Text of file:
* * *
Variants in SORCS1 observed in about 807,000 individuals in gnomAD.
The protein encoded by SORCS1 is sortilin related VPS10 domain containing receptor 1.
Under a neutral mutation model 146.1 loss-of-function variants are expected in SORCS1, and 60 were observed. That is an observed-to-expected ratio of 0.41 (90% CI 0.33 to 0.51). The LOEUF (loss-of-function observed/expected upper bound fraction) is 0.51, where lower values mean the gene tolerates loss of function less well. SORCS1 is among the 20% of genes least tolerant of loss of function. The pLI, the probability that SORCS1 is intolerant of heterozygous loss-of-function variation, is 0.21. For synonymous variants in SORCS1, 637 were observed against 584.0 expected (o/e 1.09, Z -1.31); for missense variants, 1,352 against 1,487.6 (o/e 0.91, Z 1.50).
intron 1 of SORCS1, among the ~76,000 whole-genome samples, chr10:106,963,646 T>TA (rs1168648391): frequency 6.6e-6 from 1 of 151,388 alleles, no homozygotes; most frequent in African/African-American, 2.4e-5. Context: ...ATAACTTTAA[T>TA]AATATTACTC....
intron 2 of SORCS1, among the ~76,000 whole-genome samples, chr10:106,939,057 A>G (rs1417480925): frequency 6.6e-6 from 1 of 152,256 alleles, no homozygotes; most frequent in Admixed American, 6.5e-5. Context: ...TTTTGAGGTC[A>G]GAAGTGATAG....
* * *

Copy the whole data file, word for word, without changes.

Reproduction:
Variants in SORCS1 observed in about 807,000 individuals in gnomAD.
The protein encoded by SORCS1 is sortilin related VPS10 domain containing receptor 1.
Under a neutral mutation model 146.1 loss-of-function variants are expected in SORCS1, and 60 were observed. That is an observed-to-expected ratio of 0.41 (90% CI 0.33 to 0.51). The LOEUF (loss-of-function observed/expected upper bound fraction) is 0.51, where lower values mean the gene tolerates loss of function less well. SORCS1 is among the 20% of genes least tolerant of loss of function. The pLI, the probability that SORCS1 is intolerant of heterozygous loss-of-function variation, is 0.21. For synonymous variants in SORCS1, 637 were observed against 584.0 expected (o/e 1.09, Z -1.31); for missense variants, 1,352 against 1,487.6 (o/e 0.91, Z 1.50).
intron 1 of SORCS1, among the ~76,000 whole-genome samples, chr10:106,963,646 T>TA (rs1168648391): frequency 6.6e-6 from 1 of 151,388 alleles, no homozygotes; most frequent in African/African-American, 2.4e-5. Context: ...ATAACTTTAA[T>TA]AATATTACTC....
intron 2 of SORCS1, among the ~76,000 whole-genome samples, chr10:106,939,057 A>G (rs1417480925): frequency 6.6e-6 from 1 of 152,256 alleles, no homozygotes; most frequent in Admixed American, 6.5e-5. Context: ...TTTTGAGGTC[A>G]GAAGTGATAG....